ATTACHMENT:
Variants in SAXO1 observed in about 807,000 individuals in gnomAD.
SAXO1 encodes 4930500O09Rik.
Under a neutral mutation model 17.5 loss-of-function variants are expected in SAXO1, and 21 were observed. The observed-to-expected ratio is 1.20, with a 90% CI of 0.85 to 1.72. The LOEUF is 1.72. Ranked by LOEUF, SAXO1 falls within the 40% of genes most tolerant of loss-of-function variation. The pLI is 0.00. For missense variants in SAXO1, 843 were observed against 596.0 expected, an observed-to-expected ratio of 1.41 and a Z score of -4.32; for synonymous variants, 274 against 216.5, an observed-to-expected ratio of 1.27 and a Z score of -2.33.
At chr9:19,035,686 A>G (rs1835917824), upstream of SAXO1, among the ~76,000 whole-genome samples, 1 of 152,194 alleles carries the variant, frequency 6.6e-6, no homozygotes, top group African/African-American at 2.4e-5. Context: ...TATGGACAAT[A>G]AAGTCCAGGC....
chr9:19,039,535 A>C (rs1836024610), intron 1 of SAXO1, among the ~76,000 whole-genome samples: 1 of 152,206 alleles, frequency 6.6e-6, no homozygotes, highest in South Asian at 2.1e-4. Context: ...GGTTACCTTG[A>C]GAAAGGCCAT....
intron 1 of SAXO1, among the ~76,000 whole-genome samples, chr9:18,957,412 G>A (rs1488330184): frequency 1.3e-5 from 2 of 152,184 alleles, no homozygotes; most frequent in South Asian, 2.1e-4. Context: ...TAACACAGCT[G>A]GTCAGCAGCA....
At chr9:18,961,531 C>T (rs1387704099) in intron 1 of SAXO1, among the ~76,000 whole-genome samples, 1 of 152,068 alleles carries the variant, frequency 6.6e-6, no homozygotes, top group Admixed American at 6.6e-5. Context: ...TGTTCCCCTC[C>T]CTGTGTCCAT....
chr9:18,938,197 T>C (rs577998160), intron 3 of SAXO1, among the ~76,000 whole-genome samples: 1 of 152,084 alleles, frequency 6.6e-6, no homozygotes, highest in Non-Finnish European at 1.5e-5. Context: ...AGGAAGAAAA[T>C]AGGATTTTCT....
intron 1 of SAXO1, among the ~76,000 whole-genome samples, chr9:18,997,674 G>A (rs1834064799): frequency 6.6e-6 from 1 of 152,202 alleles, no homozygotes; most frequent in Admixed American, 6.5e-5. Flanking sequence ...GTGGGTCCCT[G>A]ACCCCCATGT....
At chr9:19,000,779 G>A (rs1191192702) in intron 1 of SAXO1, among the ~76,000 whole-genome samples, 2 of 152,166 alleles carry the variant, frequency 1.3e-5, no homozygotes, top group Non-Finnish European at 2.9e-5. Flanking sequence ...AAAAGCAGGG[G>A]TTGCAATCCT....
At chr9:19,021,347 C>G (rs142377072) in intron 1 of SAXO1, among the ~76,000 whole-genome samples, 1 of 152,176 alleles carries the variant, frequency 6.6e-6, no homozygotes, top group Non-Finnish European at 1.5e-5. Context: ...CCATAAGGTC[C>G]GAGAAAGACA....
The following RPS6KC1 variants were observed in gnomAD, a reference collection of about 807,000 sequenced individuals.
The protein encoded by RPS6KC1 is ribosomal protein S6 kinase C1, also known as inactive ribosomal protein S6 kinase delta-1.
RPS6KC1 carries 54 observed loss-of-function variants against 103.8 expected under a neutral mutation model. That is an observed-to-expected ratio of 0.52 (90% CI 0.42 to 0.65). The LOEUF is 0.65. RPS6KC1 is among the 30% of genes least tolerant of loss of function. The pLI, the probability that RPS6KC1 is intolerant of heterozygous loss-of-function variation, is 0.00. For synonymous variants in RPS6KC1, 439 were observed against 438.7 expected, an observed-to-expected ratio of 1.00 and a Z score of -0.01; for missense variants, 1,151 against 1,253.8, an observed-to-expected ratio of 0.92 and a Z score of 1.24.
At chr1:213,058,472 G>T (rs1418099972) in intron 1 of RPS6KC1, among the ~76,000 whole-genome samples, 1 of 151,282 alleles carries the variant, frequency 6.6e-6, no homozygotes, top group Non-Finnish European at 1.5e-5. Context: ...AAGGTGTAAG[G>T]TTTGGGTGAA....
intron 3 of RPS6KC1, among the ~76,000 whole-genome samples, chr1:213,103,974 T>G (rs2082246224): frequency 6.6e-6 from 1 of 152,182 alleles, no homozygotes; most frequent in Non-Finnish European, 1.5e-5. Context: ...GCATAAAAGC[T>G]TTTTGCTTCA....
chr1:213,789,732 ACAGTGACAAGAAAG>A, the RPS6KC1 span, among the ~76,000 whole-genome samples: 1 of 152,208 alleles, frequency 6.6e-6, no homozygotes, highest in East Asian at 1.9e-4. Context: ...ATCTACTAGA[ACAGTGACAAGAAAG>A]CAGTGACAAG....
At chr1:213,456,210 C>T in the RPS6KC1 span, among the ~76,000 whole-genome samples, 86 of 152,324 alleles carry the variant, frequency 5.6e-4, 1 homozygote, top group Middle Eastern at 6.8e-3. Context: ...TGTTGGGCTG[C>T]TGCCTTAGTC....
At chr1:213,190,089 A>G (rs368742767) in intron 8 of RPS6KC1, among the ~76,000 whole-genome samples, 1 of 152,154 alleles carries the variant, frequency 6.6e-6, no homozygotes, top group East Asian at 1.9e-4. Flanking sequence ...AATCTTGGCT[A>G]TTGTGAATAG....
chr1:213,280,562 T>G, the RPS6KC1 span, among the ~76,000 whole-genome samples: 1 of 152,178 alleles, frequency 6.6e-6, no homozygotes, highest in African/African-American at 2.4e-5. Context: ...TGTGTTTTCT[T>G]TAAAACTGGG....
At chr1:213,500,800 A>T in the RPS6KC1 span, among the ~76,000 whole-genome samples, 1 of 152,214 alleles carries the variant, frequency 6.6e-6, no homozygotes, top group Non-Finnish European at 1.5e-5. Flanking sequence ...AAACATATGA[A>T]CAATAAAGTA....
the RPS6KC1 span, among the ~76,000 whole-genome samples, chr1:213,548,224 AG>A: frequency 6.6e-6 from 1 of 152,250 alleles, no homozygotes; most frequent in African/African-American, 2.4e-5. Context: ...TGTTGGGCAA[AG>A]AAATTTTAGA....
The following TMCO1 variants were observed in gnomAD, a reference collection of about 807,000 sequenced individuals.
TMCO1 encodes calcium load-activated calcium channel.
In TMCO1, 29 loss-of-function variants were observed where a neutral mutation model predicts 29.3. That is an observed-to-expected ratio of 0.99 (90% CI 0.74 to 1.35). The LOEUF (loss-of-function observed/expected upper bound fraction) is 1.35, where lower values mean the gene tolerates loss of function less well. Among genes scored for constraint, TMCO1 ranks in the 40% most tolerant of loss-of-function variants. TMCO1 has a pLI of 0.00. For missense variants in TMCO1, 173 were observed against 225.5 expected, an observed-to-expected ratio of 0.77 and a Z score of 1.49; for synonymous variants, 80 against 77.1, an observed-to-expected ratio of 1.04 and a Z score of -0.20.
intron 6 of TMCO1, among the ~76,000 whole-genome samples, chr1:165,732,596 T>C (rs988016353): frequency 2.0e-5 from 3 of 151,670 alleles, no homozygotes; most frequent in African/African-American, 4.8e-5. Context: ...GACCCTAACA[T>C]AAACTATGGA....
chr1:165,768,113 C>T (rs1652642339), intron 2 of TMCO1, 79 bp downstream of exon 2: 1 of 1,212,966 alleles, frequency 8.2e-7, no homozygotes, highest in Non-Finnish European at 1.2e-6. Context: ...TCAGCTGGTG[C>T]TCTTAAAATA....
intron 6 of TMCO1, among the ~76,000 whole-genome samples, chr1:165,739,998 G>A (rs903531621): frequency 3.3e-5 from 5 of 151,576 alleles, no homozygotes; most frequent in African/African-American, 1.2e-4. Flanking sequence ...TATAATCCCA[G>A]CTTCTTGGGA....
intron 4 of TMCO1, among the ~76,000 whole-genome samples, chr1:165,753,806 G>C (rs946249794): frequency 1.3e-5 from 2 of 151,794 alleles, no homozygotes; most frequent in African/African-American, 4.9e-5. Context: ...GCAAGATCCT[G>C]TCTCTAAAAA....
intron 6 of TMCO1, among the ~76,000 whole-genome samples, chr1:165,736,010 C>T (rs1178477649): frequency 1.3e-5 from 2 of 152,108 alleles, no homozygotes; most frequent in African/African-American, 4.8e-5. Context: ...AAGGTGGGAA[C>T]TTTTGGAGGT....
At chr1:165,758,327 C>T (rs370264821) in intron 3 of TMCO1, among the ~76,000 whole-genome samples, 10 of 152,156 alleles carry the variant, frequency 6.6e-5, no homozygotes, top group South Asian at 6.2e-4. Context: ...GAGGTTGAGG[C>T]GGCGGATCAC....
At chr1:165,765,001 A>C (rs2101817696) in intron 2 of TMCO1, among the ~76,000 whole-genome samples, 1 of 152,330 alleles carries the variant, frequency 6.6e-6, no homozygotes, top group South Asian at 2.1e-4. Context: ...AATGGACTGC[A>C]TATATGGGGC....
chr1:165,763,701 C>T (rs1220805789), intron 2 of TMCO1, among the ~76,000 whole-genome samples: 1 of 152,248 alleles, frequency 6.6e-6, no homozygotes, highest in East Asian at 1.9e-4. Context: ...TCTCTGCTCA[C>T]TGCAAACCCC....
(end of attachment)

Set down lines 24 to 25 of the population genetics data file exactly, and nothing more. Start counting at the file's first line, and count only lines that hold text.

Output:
TMCO1 encodes calcium load-activated calcium channel.
In TMCO1, 29 loss-of-function variants were observed where a neutral mutation model predicts 29.3. That is an observed-to-expected ratio of 0.99 (90% CI 0.74 to 1.35). The LOEUF (loss-of-function observed/expected upper bound fraction) is 1.35, where lower values mean the gene tolerates loss of function less well. Among genes scored for constraint, TMCO1 ranks in the 40% most tolerant of loss-of-function variants. TMCO1 has a pLI of 0.00. For missense variants in TMCO1, 173 were observed against 225.5 expected, an observed-to-expected ratio of 0.77 and a Z score of 1.49; for synonymous variants, 80 against 77.1, an observed-to-expected ratio of 1.04 and a Z score of -0.20.